There’s something about fire. We can’t quite put a finger on it but it lights something within us. Humankind has marveled at the flame for as long as we’ve known about fire. Ancient cultures, the world over, built hearth fires in their homes for warmth. Sacred fires were lit in the center of villages and venerated as a source of light for everyone. Ceremonies were conducted at the ends of seasons where the sacred village hearth was alighted anew. We would mark the end of a season and allow the kindles in our homes to die before praying to our ancestors and relighting our hearths at home from the sacred fire. Celts. Desert nomads. Kemet. Mongol. It doesn’t matter as the sacred hearth has one meaning.
One source. One light.
This tribal ceremony has been carried on through countless cultures. From passages in Leviticus marking “a continuous fire” burning upon the altar to Greek Temples with perpetual fires for the goddess Hestia fire has been crucial to our spiritual lives. In fact, most of our global faiths have some form of fire in the mix. Why? What does fire represents?
Purification- A pot for silver? Regeneration- A furnace for gold? Salvation- the light that shines in the darkness?
These are all right answers and yet, somehow, fire means more.
Heraclitus thought of fire as the symbol of our Souls substance, the essence of life itself. Now, when you think of the ancient world with its vestal virgins and concepts of sacred fires giving us light it’s not that crazy to make such a claim. Is fire not a symbol of light as old as humanity itself?
Nowadays, we’re all more comfortable with the idea of energy. Sprinkle in energy being light and heat we step into a place where we’re not so different from our ancestors. All life, from bacteria to human brain functions or the universe itself needs energy to exist. From the time you came to be the very cells that made you, and every action you take requires energy to do so.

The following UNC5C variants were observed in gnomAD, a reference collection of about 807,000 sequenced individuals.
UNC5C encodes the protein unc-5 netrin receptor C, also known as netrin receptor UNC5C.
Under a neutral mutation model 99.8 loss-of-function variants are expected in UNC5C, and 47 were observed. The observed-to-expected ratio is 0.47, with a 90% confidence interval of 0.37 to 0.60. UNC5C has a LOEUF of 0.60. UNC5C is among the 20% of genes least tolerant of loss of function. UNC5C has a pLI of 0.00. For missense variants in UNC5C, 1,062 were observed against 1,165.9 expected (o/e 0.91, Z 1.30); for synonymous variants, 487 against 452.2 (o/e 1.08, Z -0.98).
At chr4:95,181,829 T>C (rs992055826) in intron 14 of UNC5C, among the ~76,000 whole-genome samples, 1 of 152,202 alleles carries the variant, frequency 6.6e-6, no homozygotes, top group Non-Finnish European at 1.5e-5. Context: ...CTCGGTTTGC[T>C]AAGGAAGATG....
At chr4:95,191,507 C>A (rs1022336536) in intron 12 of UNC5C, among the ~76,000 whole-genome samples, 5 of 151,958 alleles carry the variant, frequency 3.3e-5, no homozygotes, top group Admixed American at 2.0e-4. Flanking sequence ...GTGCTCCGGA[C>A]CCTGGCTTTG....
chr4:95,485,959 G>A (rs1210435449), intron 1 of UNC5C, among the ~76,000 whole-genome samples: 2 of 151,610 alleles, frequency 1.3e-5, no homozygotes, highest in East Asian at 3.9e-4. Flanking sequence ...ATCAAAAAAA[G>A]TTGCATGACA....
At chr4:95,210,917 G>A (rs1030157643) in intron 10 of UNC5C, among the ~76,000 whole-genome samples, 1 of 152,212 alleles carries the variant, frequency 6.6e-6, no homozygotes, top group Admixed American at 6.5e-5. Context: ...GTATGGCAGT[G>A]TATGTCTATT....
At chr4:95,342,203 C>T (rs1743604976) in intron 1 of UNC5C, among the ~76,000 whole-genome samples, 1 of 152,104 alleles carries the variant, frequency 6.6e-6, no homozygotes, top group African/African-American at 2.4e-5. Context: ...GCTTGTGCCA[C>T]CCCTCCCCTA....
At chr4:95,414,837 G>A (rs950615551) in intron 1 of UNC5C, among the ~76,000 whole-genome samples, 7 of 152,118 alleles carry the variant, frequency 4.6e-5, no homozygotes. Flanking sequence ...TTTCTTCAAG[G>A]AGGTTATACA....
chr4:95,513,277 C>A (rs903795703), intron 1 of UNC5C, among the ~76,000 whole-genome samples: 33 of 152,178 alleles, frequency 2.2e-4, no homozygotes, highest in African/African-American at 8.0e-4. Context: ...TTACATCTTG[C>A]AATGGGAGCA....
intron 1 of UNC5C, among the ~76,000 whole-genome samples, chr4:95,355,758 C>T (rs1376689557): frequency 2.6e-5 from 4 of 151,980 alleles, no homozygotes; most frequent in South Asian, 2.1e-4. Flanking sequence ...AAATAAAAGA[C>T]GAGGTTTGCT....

Once we take in that most of what appears solid mass is nothing more than energy we begin to grasp what sacred fire symbolizes. Everything has energy stored within. I believe it was Einstein who first attempted to track how much energy is required to make the appearance of mass. Since then, we have been slowly learning how the material and immaterial worlds are both comprised of energy.
“New idea,” you say. Hardly!
“Everything is an exchange for fire, and fire for everything—as goods for gold, and gold for goods.”-Heraclitus
We’re still talking about that sacred fire- that sacred source.
Even the way our thoughts duplicate upwards from their Russian doll network into our waking minds is a form of bio-chemically produced energy generated at the cellular level. Sodium and potassium interactions fire electrical impulses across our nervous systems and stream vital messages needed for us to function. This energy fuels all these neurotransmitters responsible for movement, heart rate, and regulating our moods.
From sound energy to thermal energy absorbed from the sun our bodies break down and coordinate information flow and use it in ways we still can’t duplicate. It’s an amazing study.
Of course, the scientist is striving to understand natures various transformations in a mechanical sense while the mystic strives to understand the Spirit but still… We are interconnected. Nature is the natural world of which we are all a part. As we deepen our understanding of how nature effects us through our sensory perception we note how our thoughts and feelings affect nature. We see the interplay between the two which naturally leads to spiritual discipline.
I am well aware of the sacred fire burning within. Many of us have been called to be a light to the world. No matter the path anyone who hears those words understands their meaning. There is nothing that needs spelled out as they too feel the fire burning within. There’s something ancient in the symbol of fire that transcends our consciousness and cuts straight to the heart of mysticism.
“I purified my lips with sacred fire that I may speak of love,
but when I opened my mouth to speak,
I found myself mute!”-Kahlil Gibran
And in that silence we find God.